Sattar agreed, adding that Sightline waited for two years for Nevada regulators to approve regulations in 2022 that allow for remote account registration and ID verification for a cashless wagering account.

“We believe that should be the norm in every jurisdiction, but that requires regulatory work, jurisdiction by jurisdiction,” Sattar said. “We should not blame the regulators. The regulators are very open to solutions and the work is ongoing.”

Sattar confirmed that Sightline and other companies are working on the issue in multiple states.

“Another consideration for in-person gaming especially is that most casino patrons tend to be older, usually 50 years old or older,” Justice told Vixio.

Justice admitted that these patrons are more familiar with mobile technology than many people recognize, but they are still relatively slow to adopt these kinds of tools. 

“With that said, we have observed that these older patrons are increasingly adopting cashless technology, both on the casino floor and otherwise.

“We also have noticed that once users adopt cashless technology, there is a high retention rate that follows.”

Cashless solutions have also been introduced into various regulated state gaming markets by Everi Holdings, which has a partnership with the Seminole Tribe of Florida and the Wilton Rancheria Tribe in northern California.

Acres Manufacturing has also deployed cashless technology at tribal casinos in California and in Penn Entertainment casinos.

Last January, Acres cashless technology was approved by regulators in Louisiana, Mississippi and Missouri.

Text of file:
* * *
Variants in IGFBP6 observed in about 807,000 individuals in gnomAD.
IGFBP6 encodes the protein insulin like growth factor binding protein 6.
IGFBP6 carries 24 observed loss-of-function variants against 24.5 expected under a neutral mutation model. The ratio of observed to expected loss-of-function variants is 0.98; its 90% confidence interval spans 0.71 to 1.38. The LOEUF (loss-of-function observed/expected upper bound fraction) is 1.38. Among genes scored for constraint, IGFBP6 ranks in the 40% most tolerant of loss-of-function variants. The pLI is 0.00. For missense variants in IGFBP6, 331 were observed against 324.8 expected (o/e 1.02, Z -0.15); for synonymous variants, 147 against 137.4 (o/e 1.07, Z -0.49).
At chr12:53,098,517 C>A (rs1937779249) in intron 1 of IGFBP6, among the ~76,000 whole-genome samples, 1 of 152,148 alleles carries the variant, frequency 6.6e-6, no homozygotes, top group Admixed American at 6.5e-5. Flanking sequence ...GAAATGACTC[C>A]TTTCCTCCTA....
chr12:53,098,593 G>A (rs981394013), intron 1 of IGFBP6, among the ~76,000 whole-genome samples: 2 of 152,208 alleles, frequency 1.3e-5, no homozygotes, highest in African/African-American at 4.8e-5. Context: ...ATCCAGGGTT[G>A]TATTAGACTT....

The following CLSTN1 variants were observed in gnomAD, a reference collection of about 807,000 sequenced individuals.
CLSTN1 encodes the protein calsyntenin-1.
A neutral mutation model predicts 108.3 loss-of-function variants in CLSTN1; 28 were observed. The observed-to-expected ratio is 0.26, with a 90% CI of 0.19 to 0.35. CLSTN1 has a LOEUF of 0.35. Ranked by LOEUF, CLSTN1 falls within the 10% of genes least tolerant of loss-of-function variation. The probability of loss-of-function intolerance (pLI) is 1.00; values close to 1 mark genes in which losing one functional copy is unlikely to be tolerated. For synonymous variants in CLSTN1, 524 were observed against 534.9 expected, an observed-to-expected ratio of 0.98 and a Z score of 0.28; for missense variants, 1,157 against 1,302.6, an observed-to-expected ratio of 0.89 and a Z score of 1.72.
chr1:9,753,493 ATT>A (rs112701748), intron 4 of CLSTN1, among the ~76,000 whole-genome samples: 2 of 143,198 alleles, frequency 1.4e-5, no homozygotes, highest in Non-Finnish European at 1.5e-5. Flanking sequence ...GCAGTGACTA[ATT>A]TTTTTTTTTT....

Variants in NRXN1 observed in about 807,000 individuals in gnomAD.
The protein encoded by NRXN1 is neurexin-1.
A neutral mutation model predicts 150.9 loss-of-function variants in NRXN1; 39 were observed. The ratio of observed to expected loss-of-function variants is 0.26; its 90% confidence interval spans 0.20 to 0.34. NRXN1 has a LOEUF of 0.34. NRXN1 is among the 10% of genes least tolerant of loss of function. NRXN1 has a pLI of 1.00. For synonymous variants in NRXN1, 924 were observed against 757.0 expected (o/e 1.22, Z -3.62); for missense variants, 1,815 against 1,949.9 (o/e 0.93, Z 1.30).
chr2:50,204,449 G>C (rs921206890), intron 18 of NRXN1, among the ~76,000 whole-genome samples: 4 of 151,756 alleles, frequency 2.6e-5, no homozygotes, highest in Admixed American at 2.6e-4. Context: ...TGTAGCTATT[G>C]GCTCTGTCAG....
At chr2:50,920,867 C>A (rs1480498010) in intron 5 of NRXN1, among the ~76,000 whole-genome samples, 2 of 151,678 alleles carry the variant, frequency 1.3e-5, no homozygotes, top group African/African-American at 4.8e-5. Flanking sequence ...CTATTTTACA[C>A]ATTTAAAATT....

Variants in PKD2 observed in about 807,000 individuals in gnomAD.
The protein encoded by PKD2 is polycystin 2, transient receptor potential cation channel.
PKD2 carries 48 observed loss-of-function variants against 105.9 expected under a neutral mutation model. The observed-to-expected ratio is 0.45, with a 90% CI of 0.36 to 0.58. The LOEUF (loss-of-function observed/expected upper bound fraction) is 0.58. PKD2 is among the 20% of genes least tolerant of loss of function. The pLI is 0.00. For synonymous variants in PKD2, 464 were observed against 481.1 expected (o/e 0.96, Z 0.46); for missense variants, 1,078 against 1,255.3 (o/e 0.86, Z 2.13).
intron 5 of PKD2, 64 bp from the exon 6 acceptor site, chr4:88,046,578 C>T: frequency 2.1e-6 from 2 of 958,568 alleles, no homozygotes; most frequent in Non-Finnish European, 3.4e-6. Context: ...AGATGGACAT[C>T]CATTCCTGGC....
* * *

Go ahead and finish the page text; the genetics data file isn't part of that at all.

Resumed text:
The last game-changing introduction of new payments technology on the casino floor was in 2000 with the Nevada rollout of IGT’s TITO, or ticket-in-ticket-out, which eliminated coins and tokens, reduced patron and employee theft, and improved accountability.

Advocates for a cashless casino environment believe it will have similar impacts by reducing the use and accounting of paper currency.

Currently, Sattar said, the amount of cash dispensed in the U.S. casino business is around $90bn a year.

“[That’s] a very large number,” Sattar said.

“We still believe that 50 percent of that is going to be electronically done within five years. So you are looking at $45bn to $50bn of cash dispensing that is going to take place in the U.S. casino industry electronically.

“Regulators have been working on getting consistent regulations,” he added. 

Sattar told Vixio he has met with several large commercial gaming companies that want to deploy cashless on their properties, but are not willing to do it until it meets the needs of the consumers and the product is right.

“The reality is, you are only going to get one shot,” Sattar said.

“If I’m MGM or Caesars and I deploy a cashless product and no consumer is going to try it if it’s slow and doesn’t work, the next time the incentive needed to get the consumer to try it is astronomical.

“You’ve got to get it right the first time.”